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Cut on the bias? (First published in December 2017)

By Chris Russell · Jan 7, 2018 ·
Is the world finally ready for 'slow and steady'?
  1. I suppose seven days is enough time to tell if one has made a terrible decision in leaving one job and starting another, wouldn't you agree? Time enough to feel the familiar lick of flame as you realise you have inadvertently left the frying pan for the fire, or to realise that the grass, did in fact only look greener on this side.

    There were some familiar 'failings', that could have started alarm bells ringing: The induction schedule being rewritten in favour of actual work, meetings being cancelled, people being unavailable. The odd thing is that, given the general atmosphere of the place and the level of activity of the people involved, at no time did it occur to me that any of the changes were actually harmful to me. I was always able to catch up with the people in question later, and they were always happy to discuss issues and answer questions. So I was happy, therefore, to forego the induction in its full sense and get stuck straight into 'being useful'. I got the distinct impression that this came as an enormous relief to the rest of the team. I know this because they actually told me.

    I am a systemiser, and it was clear almost immediately that the systems and procedures here are inefficient at best, and might be entirely unworkable were it not for the tremendous effort being put in by the staff to keep everything running. I would like to be a part of seeing this fixed, and think they might let me. I know this because they actually agreed - the systems don't work well. Their honesty was refreshing, to say the least.

    This was never the case in my previous job: Systems and procedures were everywhere and constantly updated without consultation and force fed with no concern about their wider effect, beyond their ability to inflate the progress statistics that drive results and ultimately, funding. In order to be both efficient and successful then, it pays to be cognitively biased: Try to consider too many things; too many people. Slow things down, and people at the top start to sweat. People at the bottom start looking for another job.

    I watched a re-run of an horizon programme recently about the work of Daniel Kahneman, psychologist and Nobel prize winning economist. The basis of his work on cognitive bias forms an important part of the model of NT and Aspie cognitive processing in Peter Flowerdew's work. It was interesting to see people falling into the trap of making biased decisions by 'cutting out' data in everyday situations in favour of faster processing, even to the point of 'ignoring' a plainly visible assault in one experiment. This is Kahneman's 'System 1' (Fast thinking): That wonderful, flexible neural network that filters out all the 'unimportant' stuff and allows instant, intuitive connections to be made in their place, all at lightning speed, and mostly without your knowledge: The network that is so underdeveloped and underused in Aspies... Kahneman's genius was to highlight the triggers, influences and repercussions of this type of decision making.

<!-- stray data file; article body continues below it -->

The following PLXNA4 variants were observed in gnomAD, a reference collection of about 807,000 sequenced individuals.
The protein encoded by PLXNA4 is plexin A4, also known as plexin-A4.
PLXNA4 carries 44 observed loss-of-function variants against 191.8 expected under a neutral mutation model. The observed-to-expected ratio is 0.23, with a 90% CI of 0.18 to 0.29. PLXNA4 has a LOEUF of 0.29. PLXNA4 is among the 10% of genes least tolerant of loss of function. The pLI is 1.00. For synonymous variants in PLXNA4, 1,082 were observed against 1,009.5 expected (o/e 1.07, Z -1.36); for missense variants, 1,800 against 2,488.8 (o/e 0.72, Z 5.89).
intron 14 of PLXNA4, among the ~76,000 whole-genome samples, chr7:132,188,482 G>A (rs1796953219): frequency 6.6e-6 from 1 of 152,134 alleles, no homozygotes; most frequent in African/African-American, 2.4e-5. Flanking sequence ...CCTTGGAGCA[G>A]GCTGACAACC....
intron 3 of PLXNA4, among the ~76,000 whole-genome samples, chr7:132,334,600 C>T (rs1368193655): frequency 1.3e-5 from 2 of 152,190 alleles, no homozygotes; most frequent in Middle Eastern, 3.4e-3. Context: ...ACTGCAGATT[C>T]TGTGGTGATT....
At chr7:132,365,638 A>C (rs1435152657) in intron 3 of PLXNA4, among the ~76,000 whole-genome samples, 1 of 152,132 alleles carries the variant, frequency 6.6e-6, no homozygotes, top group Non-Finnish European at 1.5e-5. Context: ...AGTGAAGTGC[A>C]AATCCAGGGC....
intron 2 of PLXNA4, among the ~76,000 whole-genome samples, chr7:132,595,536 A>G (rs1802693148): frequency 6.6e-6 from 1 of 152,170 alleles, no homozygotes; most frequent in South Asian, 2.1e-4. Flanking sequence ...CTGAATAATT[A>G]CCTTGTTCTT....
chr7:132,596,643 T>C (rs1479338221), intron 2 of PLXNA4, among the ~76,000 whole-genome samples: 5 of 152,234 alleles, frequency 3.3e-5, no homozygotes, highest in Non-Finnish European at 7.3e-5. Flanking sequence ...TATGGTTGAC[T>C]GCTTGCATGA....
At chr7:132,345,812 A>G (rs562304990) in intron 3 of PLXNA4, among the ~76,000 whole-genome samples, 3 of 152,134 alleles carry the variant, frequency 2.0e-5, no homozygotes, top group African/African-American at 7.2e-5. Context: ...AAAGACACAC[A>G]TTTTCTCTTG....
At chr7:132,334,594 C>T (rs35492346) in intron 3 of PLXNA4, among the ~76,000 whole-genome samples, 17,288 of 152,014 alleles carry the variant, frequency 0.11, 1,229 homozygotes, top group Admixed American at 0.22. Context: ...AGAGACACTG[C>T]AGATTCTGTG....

Sadly, the programme concentrated on System 1 and never really went into any detail about 'System 2', (the system I find myself limited to for much of the time). This slow, logical, analytical, and much more reliable way of thinking is usually reserved for difficult and involved maths problems and the like in neurotypical people. Aspies tend to rely much more on this system, and it is often developed to a remarkable degree. If everyone had to use this system for all their thinking, they would certainly need things to slow down, as Aspies do, but would certainly make fewer mistakes.

    As I watched the programme, my voice was raised at the end of every experiment: "An Aspie would have made an objective decision!" "An Aspie wouldn't have made that judgement!" "An Aspie wouldn't have been swayed by popular opinion or simply by 'apparent fit'!" "An Aspie would have looked at all the facts!"

    So, the question is: What is better? To rush decisions and finish on time, but with a good chance of having got something important wrong, or to take things more slowly, consider carefully, and finish later having got everything right?

    I had hoped that Economists had learned something from the financial woes of the last 15 years. Kahneman told them that people take risks - and the greater the potential loss, the greater the risk they are prepared to take. Perhaps it's time to consider putting System 2 to use a little more. (I know some Aspies who could help with that.)

    [​IMG]
    A beautiful map of necessary ignorance? What would the Aspie version look like?

    About Author

    Chris Russell
    Chris Russell is an Aspie and a trustee for the UK based Asperger's support charity* "The Different Engine" which uses a modified version of Transactional Analysis as a language to create dialogue between neurotypical and Aspie. The charity also trains employers, psychotherapists, educators and counsellors about the neurological and psychological differences between NTs and Aspies and how to use TA to encourage real communication and understanding. (thedifferentengine.net)

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